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Dealing With Diesel Contaminants

Autosphere » Mechanical » Dealing With Diesel Contaminants
Diesel fuel contamination is a common issue on modern pickup trucks and a problem that’s often difficult to rectify. PHOTO General Motors

An easily caused issue, can often be significantly more complex to solve

Due to their inherent design characteristics, diesel engines have traditionally been more challenged to meet emissions targets, particularly in North America.

One way that OEMs have been able to tackle ever tighter standards is by introducing diesel exhaust fluid (DEF) systems, which inject urea and deionized water stored in a tank into the exhaust stream to lower tailpipe emissions.

DEF is highly corrosive so care must be taken when refilling the DEF tank.

Whether mounted under the hood as on some Duramax equipped General Motors diesel trucks or next to the regular fuel filler neck on many others, DEF causes all kinds of problems if it somehow finds its way either into the vehicle’s electrical components, wiring, or fuel system, requiring costly and extensive repairs and replacement.

Close proximity

On typical light and medium-duty pickups, OEMs often mount the filler for the DEF reservoir right next to the regular filler cap for the main diesel fuel tank.

As a result, there have been growing instances where DEF has been accidentally poured into the regular fuel tank, causing a range of issues which in many cases, are amplified on modern vehicles.

Tighter tolerances, greater complexity, and the number of components mean it is virtually impossible to fully inspect problems and properly flush contaminants out of the fuel system once they get in.

To help understand the effects of contamination in modern diesel fuel systems, ASE conducted a webinar appropriately entitled Effects of Contamination in Modern Diesel Fuel Systems, in conjunction with major aftermarket diesel fuel system supplier Diesel Forward.

Hosted by Diesel Forward Technical Support representative Alberto Bonilla, the webinar included an overview of diesel fuel systems and their operation, as well as some of the ways technicians can tackle problems where diesel fuel systems have become contaminated with foreign substances such as DEF or even gasoline.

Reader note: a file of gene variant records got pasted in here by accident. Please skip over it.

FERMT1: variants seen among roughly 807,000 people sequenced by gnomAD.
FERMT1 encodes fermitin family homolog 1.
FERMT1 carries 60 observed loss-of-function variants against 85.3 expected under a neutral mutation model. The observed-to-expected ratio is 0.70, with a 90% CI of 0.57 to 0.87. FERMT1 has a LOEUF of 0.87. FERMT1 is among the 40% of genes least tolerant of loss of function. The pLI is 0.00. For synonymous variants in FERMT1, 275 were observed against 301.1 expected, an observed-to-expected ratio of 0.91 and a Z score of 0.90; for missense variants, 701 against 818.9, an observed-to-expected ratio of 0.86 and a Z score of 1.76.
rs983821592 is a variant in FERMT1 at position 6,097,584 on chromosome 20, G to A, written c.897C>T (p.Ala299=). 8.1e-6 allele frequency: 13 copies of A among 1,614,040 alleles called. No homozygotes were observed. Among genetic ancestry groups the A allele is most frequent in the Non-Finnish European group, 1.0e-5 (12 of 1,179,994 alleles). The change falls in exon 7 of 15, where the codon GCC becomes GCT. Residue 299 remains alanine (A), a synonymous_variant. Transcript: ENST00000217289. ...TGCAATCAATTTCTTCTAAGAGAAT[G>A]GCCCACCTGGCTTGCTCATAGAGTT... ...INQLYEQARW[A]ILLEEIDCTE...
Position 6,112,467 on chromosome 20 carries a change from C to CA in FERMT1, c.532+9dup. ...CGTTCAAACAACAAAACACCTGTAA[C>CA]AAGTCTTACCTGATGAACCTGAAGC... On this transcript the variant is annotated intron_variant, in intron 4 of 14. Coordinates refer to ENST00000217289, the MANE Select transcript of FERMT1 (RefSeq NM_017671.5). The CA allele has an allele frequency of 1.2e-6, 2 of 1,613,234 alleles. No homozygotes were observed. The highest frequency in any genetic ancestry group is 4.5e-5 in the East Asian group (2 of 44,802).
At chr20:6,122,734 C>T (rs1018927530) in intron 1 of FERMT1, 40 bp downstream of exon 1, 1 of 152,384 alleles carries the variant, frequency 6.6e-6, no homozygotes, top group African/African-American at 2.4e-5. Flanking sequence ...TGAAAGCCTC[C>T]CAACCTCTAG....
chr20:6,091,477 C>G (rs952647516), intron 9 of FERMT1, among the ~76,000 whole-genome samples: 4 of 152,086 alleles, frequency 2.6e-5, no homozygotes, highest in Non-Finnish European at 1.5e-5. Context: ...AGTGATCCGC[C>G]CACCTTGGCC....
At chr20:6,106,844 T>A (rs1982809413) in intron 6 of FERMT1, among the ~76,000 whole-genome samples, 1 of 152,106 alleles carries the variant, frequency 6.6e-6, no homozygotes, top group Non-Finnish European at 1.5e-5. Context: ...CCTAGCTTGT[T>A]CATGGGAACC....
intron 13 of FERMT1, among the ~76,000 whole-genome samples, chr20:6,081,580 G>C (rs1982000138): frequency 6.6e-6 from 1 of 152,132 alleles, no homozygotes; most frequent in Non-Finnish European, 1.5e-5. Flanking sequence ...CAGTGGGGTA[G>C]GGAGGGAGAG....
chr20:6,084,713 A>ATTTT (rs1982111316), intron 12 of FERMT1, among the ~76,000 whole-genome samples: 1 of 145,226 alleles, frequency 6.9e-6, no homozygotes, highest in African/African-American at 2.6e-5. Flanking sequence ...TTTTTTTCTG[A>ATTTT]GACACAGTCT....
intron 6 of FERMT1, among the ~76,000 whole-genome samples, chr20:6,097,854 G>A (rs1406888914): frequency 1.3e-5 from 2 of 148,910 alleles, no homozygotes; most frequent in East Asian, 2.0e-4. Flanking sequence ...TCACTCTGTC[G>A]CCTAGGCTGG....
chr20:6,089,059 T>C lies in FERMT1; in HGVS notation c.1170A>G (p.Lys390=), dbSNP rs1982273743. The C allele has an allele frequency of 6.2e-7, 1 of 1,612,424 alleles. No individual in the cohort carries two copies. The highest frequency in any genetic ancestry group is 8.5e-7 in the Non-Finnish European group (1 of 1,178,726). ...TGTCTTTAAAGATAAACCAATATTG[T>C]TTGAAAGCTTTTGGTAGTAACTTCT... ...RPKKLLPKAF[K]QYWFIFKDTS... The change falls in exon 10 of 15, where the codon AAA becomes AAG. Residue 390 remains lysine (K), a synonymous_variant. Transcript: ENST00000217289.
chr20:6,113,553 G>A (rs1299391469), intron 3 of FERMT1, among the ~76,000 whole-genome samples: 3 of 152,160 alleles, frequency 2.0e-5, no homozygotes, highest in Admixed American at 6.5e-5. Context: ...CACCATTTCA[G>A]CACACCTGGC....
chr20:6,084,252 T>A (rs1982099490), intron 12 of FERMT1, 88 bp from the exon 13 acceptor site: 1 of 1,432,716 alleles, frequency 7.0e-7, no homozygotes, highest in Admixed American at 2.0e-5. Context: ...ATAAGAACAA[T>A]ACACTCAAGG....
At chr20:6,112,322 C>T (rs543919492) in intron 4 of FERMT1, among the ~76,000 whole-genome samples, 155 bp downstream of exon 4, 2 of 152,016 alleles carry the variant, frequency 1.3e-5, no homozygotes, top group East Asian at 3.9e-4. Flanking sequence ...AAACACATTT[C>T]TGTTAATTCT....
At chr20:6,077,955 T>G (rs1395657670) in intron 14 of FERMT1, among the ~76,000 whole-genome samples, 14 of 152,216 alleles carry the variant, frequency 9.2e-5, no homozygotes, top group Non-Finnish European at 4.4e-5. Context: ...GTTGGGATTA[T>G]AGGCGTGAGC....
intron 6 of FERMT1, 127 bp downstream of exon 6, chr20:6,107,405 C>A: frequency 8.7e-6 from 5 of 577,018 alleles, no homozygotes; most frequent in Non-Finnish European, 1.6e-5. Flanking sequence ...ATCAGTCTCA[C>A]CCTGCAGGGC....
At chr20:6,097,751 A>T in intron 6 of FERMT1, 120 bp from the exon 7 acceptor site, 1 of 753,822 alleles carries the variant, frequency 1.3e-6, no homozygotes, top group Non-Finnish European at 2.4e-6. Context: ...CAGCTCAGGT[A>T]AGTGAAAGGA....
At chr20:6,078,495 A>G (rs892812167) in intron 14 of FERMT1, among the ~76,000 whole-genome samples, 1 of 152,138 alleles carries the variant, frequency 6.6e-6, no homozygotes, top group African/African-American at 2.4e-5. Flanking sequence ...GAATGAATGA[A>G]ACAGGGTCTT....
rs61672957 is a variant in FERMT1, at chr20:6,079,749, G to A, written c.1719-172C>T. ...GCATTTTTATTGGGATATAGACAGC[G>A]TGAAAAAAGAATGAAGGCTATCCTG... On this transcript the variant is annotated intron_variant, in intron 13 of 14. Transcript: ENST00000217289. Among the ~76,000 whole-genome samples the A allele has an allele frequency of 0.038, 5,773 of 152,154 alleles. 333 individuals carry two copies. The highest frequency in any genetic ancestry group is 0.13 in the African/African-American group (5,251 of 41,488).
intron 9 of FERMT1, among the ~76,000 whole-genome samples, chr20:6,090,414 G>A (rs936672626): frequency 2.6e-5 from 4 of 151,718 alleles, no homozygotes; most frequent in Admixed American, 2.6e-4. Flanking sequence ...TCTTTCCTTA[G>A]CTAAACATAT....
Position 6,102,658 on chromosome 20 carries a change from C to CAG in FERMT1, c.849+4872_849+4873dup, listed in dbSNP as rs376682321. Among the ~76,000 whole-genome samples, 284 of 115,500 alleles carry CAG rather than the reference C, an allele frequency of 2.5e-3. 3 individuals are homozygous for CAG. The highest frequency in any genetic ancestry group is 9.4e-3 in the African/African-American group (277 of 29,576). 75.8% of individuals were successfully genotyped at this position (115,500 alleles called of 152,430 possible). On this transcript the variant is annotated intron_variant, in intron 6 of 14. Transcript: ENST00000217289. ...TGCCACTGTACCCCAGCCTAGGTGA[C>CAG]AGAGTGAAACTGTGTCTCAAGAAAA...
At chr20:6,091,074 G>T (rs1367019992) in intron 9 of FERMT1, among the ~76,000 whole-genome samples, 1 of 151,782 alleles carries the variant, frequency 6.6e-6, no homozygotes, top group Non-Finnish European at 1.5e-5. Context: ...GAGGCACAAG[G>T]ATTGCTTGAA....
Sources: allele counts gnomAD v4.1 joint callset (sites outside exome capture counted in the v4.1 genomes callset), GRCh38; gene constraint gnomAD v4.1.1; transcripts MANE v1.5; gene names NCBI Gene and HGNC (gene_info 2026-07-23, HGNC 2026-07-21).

When DEF gets into the vehicle’s fuel system it tends to crystalize and corrode metal components.

Other common contaminants include water, often as a result of fuel being not stored properly, as well as outside debris, including dirt and dust getting into the fuel, particularly on vehicles where the fuel filler neck is exposed to it, such as being located near the wheel well as on some chassis cab pickups.

Water in the fuel system dilutes the fuel’s properties, creating the risk of friction as well as exposing fuel system components to moisture and hence corrosion.

Prevention is key

One of the best ways to avoid diesel fuel contamination is via prevention—by ensuring drivers are diligent when filling the tank and also by investing in good quality fuel filters—at the very least, those which meet OEM specifications—as well as following the OEM service recommendations for fuel system maintenance.

For service centres that are maintaining diesel trucks, cleanliness is key to preventing contaminants from getting into the fuel system, so Bonilla suggested that technicians clean off fuel filters before inspecting them and when it comes to contamination kits, making sure you use all the components required.

“Internally, there are lots of smaller passages and areas where you can’t guarantee flushing everything out,” said Bonilla. “So, make sure that you’re replacing the components that come in contact with fuel if there is diesel fuel contamination.”

While there are ongoing debates about whether trying to flush contaminants out of the fuel system or simply going to straight replacement of every component that fuel has come in contact with is the most effective option, Bonilla said that the only way to ensure the problem is properly eliminated is by replacing everything with new parts.

And again, the concept of cleanliness can’t be stressed enough.

Bonilla referred to a case where a Cummins equipped Dodge pickup had received a fuel system clean, and a brass wire from a brush used for cleaning got lodged in the injector nozzle.

The result was smoke pouring from the tailpipe and a major engine knock, which could have been avoided if more diligence had been taken when cleaning the injectors.

Basic procedures count

When troubleshooting potential diesel contamination problems, Bonilla said that often, whether a fault code is triggered or not, it pays to perform basic procedures including examining fuel pressure, vacuum, and air restriction.

“Once we’ve covered the basics, we can then focus on what’s causing the issue,” he said.

Bonilla also explained that depending on the extent of the contamination, and the type of truck, the symptoms could be different.

“Not all trucks will have symptoms of rough running or failing to build real pressure in the fuel system,” said Bonilla.

As a result, scanning the trouble codes is often the most effective way of pinpointing the problem.

Even if the vehicle is not displaying a code but still showing signs of drivability problems, or maintaining adequate pressure, taking fuel samples and getting them analyzed by a laboratory can be an effective way of investigating whether poor quality or contaminated fuel is the root cause of the issue.

Bonilla also recommends that when working on diesel vehicles with drivability issues, a good strategy is to always flush out and clean the fuel tank before refilling it with fresh diesel.

Otherwise, he said, you might find yourself having to redo work previously done, making for a very expensive, time-consuming repair and an unhappy customer.

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